Bison Removal: Grand Canyon officials are looking for qualified volunteers to help protect parklands

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Bison overpopulation in Grand Canyon National Park threatens fragile ecosystems. Here’s what park officials are doing to mitigate the damage.

When you conjure up images of the Grand Canyon It isn’t usually a bison face that comes to mind. And yet the Grand Canyon National Park is currently far behind the carrying capacity of bison in the barren high desert landscape of the Kaibab Plateau.

Currently, 300-500 bison make up the park’s herd. The landscape can only accommodate around 200 animals. And with a new volunteer programThe park hopes to remove 12 animals from the country.

This is similar to a current problem of the reduction of mountain goats in Grand Teton National Park, where skilled volunteers helped remove alien mountain goats by lethal means.

However, non-lethal methods are also used to manage bison numbers. And if that sounds familiar, you’re mitigating the herd numbers in Yellowstone National Park both lethal and non-lethal methods in conjunction with tribal support is a norm for the large herd in the north.

It is important to note that these volunteer efforts are not classified as hunting. The government doesn’t issue tags for it, and it’s not your typical hunting lottery. Volunteers are officially affiliated with, recognized and trained by the National Park Service.

Hunting is illegal in national parks, but in certain cases controlling the number of wildlife is a precarious and more difficult endeavor.

Bison Overpopulation: Impact on Grand Canyon National Park and Indigenous Partners

It’s important to take a step back and see the bigger picture of what it means when a species outgrows its habitat.

In this case, the bison has been a part of the landscape for thousands of years. After the extinction, a herd of bison was relocated to Arizona in 1927.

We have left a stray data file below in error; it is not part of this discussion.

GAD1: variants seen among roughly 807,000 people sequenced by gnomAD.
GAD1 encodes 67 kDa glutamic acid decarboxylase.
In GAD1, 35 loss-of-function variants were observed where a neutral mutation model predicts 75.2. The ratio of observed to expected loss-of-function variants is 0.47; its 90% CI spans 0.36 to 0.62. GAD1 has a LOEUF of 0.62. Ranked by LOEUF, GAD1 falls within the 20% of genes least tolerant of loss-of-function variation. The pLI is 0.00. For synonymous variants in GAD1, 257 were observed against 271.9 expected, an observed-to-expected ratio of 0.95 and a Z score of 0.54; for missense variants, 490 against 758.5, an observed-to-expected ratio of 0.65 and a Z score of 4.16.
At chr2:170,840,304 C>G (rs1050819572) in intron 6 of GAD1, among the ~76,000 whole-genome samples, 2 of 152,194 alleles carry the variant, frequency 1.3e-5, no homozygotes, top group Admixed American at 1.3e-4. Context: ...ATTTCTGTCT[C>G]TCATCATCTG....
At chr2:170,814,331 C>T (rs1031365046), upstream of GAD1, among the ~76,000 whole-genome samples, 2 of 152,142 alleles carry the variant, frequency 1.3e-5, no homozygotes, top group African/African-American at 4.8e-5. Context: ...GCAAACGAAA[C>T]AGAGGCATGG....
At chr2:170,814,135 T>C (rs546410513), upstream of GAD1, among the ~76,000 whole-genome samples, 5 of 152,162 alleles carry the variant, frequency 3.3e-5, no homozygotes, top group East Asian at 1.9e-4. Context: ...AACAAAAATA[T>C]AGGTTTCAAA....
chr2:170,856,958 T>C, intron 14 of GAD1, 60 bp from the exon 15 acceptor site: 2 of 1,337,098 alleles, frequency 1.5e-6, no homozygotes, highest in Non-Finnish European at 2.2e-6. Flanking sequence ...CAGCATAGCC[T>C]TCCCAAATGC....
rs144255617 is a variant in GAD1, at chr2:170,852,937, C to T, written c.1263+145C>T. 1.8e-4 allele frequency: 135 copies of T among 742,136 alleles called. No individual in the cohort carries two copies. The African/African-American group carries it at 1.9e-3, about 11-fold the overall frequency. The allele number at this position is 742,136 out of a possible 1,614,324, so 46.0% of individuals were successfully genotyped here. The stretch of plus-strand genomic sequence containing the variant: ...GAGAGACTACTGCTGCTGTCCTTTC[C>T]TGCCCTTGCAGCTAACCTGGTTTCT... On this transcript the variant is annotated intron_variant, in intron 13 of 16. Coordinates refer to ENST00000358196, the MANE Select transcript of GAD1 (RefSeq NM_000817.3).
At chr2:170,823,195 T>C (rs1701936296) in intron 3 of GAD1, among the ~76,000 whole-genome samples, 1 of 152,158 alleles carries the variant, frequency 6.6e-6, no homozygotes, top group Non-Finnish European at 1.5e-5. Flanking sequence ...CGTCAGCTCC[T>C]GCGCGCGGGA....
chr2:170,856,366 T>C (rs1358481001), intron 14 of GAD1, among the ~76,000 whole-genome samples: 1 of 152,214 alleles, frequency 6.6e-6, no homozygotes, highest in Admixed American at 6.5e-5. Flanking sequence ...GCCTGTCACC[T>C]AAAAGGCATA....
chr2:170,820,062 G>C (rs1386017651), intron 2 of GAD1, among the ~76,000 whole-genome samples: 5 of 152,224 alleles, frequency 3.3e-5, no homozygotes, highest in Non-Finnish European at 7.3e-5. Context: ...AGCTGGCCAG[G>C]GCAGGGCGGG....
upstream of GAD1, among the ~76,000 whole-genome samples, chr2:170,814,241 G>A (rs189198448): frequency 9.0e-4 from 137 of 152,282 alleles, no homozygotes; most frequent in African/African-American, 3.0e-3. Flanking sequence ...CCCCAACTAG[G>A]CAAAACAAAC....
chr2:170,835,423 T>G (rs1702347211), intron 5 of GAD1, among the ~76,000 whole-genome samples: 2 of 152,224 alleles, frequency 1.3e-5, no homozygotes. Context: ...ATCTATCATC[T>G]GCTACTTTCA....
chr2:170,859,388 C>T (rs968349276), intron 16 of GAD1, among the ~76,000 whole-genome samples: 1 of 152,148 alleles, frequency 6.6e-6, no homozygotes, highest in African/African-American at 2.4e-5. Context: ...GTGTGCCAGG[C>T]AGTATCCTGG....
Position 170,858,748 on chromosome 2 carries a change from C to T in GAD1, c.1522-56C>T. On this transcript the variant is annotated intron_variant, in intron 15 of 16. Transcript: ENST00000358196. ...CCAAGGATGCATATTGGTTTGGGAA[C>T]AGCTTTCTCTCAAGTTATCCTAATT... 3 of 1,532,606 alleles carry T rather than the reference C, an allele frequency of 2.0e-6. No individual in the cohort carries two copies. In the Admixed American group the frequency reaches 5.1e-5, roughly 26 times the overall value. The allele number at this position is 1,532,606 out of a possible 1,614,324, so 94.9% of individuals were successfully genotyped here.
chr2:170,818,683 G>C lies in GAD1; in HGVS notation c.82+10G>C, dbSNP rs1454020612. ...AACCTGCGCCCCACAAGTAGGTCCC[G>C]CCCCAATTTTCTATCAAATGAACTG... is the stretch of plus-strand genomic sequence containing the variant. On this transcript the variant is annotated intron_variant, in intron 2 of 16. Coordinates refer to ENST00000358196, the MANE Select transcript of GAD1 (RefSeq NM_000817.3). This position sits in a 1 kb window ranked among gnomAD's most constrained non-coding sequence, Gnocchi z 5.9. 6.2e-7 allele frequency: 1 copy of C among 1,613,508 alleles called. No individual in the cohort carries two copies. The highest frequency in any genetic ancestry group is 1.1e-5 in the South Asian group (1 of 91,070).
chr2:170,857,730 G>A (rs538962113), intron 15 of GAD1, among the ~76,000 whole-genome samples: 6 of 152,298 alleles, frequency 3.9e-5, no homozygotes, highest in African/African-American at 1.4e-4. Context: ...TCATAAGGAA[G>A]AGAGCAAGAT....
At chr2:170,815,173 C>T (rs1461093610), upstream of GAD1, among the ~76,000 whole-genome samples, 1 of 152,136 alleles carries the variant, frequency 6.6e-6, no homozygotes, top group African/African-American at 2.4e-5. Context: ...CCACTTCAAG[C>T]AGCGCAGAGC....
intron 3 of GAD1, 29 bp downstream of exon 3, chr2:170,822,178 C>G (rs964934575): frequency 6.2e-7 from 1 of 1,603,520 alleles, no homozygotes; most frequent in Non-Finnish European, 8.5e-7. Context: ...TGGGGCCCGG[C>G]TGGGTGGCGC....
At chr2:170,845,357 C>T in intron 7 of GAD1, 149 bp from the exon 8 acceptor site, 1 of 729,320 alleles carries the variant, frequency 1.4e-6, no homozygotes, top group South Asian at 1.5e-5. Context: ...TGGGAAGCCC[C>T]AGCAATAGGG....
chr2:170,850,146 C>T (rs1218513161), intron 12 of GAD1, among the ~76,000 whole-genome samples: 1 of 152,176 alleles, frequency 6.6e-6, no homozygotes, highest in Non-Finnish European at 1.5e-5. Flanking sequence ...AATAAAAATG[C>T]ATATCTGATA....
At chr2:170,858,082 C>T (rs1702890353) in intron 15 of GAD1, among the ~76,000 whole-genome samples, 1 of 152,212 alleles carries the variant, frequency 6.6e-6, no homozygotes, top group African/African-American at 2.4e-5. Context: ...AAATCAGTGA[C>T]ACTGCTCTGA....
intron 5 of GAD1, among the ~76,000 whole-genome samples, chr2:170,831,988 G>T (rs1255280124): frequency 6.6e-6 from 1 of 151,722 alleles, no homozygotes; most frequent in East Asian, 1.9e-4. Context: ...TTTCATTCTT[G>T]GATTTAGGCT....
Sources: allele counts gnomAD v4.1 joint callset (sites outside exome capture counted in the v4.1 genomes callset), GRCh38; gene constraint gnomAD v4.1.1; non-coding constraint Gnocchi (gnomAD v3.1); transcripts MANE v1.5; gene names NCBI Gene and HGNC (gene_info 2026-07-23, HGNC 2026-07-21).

This herd now exists as part of the national park system. But with their continued success, the large herd is now wandering into landscapes where bison historically did not exist.

This affects both flora and fauna, and the bison also damages archaeological and cultural sites in the park.

“The herds trample through archaeological sites, damaging artifacts and cultural features found on the surface and buried underground,” reads the NPS website. “This can be seen in the wallows and bison trails around and within the study areas.”

Wallows disrupt the soil and add to the invasive flora on the northern edge. Source: NPS

The decimation of native vegetation, the contamination of water sources with E. coli, the compaction of sensitive desert soils and much more put a strain on both the park and the communities it serves.

How the tribes are connected

There are currently 11 tribes traditionally and formally associated with Grand Canyon National Park. And their contribution is synonymous with managing the bison herd.

As of 2019, 88 bison have been captured and relocated into five tribes to increase their herds and support their communities. The live acquisition and relocation will continue until autumn 2021.

“Bison is an important cultural and traditional resource for many tribes, and tribal partners have requested access to bison meat, hides and animal parts for traditional purposes,” said Olsen.

“The park also organizes the fatal removal of bison with the tribes, which is scheduled to begin in 2022. These efforts to reduce the bison to a manageable herd size are supported by consultations with the public and traditionally associated tribes, as well as in the 2017 environmental review conducted by NPS, the State of Arizona and the US Forest Service. “

Tribal members are also encouraged to apply for the volunteer program.

What the volunteers will do


Become civil servants Choose 25 volunteers from an application pool. Everyone must take a series of tests to qualify and the 12 most qualified people will be selected for bison removal.

“Grand Canyon National Park will hand over bison carcasses to the Arizona Game and Fish Division at the end of each volunteer / assignment period,” said Kaitlyn Olsen of the National Park Service. “The Arizona Game and Fish Department can distribute their selections to qualified volunteers on the last day of their service.”

“Seasoned volunteers can share with support volunteers,” she continued. “The carcass distribution will not exceed one bison per volunteer team. Any parts that are not wanted by volunteers will be transferred to the tribal governments of the 11 traditionally associated tribes of the GCNP. “

Through this limited volunteer program, the animals can be both managed and fully used as food and ceremonial connection for indigenous communities.

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